One Pot Mac ‘n’ Cheese

One Pot Mac ‘n’ Cheese
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slow-baked mac 'n' cheese nad beets
Slow-baking can be a time saver!

Ever have one of those days when you have so much scheduled that it doesn’t seem as though you’ll have time to make dinner? We thought so. Well, we’re here to help you out, because, today and tomorrow, we’ll be posting a couple of dishes that you put together in the morning, pop them in a low oven, and let them bake all day long. Come dinner time, everything is ready (there may be a little bit of work left, but not too much).

First up is just about everyone’s favorite: Mac ‘n’ Cheese. This is probably the easier of the two, and, as you’ll see, to make it, you assemble the casserole, and you’re done. The oven will be doing all the rest. This recipe comes from Cooking Slow, by Andrew Schloss, and it’s full of recipes that are just as simple as this. If you’re interested in meals like this (or even desserts, such as the overnight cheese cake), you should check it out.

One Pot Mac ‘n’ Cheese

Yield: 2 quarts

One Pot Mac ‘n’ Cheese


  • 2 Tbs unsalted butter, melted
  • 12 oz macaroni (uncooked, right out of the box)
  • 1 pound Cheddar cheese, grated
  • 4 cups milk
  • 2 tsp mustard
  • 1 1/2 tsp kosher salt
  • 1 tsp freshly ground black pepper
  • 1 cup bread crumbs
  • 1/2 tsp dried thyme

Abbreviated Instructions

Preheat oven to 200°F.

Using 1-2 tsp butter, grease a 2 quart casserole dish.

Make four layers of macaroni and cheese, beginning and ending with macaroni.

In a large bowl, whisk together milk, mustard, salt, and black pepper. Carefully pour over macaroni and cheese layers, pushing down any macaroni that isn't submerged.

Top with bread crumbs, then sprinkle with thyme. Drizzle with remaining butter. Cover tightly.

Bake 6-8 hours. Remove cover, increase temperature to 450°F and bake until bread crumb topping is crisp and golden, about 15 minutes.

Ingredient discussion:

making bread crumbs
We didn’t have any bread crumbs, so we just whirled some up in the food processor.

Yes, the macaroni is raw when you put this together. Other things: Cheddar cheese seems as if it were made for mac ‘n’ cheese, but you can probably use something else you like or have on hand. The mustard is there to help keep the cheese from separating into globs of cheese surrounded by oil, so you probably need that. We did use the bread crumbs and thyme; we just took a couple small rolls and ran them through the food processor, along with the thyme (we looked at the prices of bread crumbs at the store; my, they’re certainly proud of stale, ground-up bread).

Procedure in detail:

Preheat oven to 200°F. Yes, that’s right, two hundred degrees Fahrenheit. If your oven is like ours, that’s about as low as you can go.

buttering casserole dish
Ah, maybe that’s too much butter; nah!

Butter casserole. We melted the butter by placing it in a small ramekin and popping it into the microwave for about a minute. After that, we poured about a teaspoon into the casserole dish, and smeared it around. Don’t worry, we have plans for the remainder.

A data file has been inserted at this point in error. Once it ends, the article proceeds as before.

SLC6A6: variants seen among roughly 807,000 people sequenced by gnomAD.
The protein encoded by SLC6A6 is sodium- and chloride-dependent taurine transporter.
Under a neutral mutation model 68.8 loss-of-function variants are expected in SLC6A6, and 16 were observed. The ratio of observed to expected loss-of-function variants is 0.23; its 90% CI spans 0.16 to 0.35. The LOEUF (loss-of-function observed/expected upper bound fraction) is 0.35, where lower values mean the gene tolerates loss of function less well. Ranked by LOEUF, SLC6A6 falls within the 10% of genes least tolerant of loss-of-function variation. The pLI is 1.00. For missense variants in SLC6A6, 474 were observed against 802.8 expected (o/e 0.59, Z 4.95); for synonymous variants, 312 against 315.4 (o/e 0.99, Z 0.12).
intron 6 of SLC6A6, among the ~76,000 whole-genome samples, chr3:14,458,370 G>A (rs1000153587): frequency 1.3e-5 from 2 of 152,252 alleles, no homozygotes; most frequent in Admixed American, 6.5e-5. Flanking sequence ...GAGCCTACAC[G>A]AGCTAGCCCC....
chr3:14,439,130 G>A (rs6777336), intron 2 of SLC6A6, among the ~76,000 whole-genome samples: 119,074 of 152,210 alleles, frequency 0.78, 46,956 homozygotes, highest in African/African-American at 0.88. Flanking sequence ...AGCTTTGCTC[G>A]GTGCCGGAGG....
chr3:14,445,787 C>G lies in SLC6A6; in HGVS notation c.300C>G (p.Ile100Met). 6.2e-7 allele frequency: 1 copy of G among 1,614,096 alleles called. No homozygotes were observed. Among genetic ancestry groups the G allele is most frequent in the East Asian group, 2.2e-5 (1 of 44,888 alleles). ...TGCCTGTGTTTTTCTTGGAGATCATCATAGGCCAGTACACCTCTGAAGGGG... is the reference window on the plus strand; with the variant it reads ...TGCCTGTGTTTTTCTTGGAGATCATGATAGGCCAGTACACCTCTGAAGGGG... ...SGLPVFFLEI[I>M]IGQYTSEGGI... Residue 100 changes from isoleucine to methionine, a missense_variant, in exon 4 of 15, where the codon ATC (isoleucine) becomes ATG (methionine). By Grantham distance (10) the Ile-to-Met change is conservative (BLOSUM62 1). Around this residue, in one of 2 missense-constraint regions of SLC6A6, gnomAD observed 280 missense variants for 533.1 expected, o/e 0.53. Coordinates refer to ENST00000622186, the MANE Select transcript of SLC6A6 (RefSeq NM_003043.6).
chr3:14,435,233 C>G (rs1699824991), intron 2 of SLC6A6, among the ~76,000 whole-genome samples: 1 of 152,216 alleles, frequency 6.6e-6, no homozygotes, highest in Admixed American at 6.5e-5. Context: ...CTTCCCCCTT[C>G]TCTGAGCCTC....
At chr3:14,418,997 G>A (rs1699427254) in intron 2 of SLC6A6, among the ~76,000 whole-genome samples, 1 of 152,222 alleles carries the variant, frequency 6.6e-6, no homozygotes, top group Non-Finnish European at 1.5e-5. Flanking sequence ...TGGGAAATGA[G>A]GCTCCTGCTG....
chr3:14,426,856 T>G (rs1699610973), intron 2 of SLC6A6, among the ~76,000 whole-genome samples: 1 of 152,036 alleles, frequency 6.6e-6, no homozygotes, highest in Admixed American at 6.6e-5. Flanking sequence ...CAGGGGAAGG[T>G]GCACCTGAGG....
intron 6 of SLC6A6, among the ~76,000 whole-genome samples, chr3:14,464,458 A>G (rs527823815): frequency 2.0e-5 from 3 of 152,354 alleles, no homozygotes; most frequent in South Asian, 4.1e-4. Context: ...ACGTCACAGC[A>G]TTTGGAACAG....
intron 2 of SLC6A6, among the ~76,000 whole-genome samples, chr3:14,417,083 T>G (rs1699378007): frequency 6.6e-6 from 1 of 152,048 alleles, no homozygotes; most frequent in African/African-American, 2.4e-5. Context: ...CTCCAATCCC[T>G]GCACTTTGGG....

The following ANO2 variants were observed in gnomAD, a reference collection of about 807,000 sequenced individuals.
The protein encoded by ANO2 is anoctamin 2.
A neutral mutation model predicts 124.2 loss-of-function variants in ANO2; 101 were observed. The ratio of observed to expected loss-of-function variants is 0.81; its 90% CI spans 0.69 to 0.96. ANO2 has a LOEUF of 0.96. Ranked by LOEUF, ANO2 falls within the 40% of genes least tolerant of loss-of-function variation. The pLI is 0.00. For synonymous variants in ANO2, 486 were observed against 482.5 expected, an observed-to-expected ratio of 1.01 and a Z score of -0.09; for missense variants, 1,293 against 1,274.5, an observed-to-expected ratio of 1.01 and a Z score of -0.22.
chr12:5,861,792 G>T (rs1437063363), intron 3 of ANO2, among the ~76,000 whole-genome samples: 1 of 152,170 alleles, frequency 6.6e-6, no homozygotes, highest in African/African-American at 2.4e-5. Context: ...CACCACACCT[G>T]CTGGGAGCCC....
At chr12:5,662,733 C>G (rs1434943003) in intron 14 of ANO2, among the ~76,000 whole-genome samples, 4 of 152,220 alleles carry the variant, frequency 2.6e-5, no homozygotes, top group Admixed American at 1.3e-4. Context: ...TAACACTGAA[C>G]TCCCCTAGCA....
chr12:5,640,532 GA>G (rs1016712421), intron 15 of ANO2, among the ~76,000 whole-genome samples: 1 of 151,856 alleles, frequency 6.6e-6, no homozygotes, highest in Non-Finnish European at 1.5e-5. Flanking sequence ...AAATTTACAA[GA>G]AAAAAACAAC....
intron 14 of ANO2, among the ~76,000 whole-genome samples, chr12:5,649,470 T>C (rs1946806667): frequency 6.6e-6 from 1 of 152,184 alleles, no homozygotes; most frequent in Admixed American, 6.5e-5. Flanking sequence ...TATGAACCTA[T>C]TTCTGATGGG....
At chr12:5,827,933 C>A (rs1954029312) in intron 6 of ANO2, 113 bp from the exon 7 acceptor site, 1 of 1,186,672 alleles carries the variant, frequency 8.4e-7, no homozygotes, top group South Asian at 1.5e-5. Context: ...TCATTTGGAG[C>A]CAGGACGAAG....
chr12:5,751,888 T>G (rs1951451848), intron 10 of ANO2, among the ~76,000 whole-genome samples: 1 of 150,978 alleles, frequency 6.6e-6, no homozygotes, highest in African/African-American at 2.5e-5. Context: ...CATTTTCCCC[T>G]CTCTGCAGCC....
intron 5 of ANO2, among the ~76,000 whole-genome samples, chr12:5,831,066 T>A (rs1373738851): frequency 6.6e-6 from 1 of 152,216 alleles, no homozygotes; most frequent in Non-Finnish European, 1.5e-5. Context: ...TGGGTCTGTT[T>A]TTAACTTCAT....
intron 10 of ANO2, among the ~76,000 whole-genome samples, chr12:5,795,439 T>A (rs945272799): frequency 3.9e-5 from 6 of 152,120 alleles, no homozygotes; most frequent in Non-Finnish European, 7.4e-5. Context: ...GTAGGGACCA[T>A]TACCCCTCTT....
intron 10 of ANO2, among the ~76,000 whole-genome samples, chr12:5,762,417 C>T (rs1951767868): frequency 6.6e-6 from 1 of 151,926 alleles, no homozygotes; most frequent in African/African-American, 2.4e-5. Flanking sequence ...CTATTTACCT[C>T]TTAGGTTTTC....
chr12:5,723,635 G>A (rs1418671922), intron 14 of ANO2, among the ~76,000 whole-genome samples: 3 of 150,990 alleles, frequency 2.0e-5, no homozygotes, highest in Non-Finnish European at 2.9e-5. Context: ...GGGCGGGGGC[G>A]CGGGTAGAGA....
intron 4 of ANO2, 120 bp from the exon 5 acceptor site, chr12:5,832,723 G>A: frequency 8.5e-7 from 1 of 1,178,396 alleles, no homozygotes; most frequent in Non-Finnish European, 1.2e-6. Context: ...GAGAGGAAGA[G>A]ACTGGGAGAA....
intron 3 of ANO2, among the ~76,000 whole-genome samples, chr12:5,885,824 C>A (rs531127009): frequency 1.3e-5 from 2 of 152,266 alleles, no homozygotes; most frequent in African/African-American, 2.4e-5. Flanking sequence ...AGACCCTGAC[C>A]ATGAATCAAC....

layered mac n cheese
Just layer the uncooked macaroni alternating with cheese. Simple!

Layer. Make a layer of about a quarter of the macaroni, followed by about a third of the cheese, then mac, then cheese, then mac again, then cheese, and finish up with macaroni. You now have four layers of macaroni separated by three layers of cheese. Yes, it does seem strange be using uncooked pasta.

whisking milk
Whisk the salt, pepper, and mustard into the milk, and the liquid part is done.

Whisk. In a large bowl, whisk together the milk, mustard, salt, and black pepper. That’s it; no flour for thickening, nothing else.

mac 'n' cheese
Pour the milk mixture over the mac ‘n’ cheese and poke down those pesky noodles that aren’t covered by milk.

Pour. Carefully pour the milk mixture over the macaroni and cheese. You don’t want it to splash all over. Once all the milk mixture is added, push down any pesky macaroni that isn’t submerged.

mac 'n' cheese
Top with bread crumbs, thyme, and whatever melted butter is left.

Crumb coat. Sprinkle the crumbs over the top of the mac and cheese, followed by thyme (unless, of course, you also mixed the thyme into the crumbs beforehand). Finish the crumb coating by drizzling any remaining butter over the top.

Cover. Tightly cover the mac ‘n’ cheese. If you have a lid that fits your casserole, you can use that; aluminum foil will work, too.

slow-baked mac 'n' cheese
Yep, after six(!) to eight(!) hours, your dinner is ready.

Bake, bake, bake. Slide the mac ‘n’ cheese into the oven (we put ours on a baking sheet in case it overflowed — it didn’t), and let it bake for 6 to 8 hours. Yes, basically all day. In the oven.

Crisp. Before serving, there’s one more thing you need to do. Remove the cover (or foil), increase the oven temperature to 450°F, and bake until the crumb coating is crisp and golden, about 15 minutes.

We will say this is really easy, but not really that much easier than making mac ‘n’ cheese the standard way. And, surprise, surprise, it turns out just like mac ‘n’ cheese. We had thought that the pasta might get gummy, or that everything would take on a glommy pasta taste, but, not so. The pasta turned out fine, cooked all the way through and tender. The cheese and milk combined and made for a nice cheesy dish, with no separating cheese. On ours, we should have let it bake at 450°F for a while longer, just to crisp up the bread crumbs a little bit more, but it was still very good, tasting no different than any other baked mac ‘n’ cheese, although it could be just a bit creamier. Overall, four stars, and we’ll be keeping it in mind for those days when we have a lot to do in the afternoon.

Worth the trouble?

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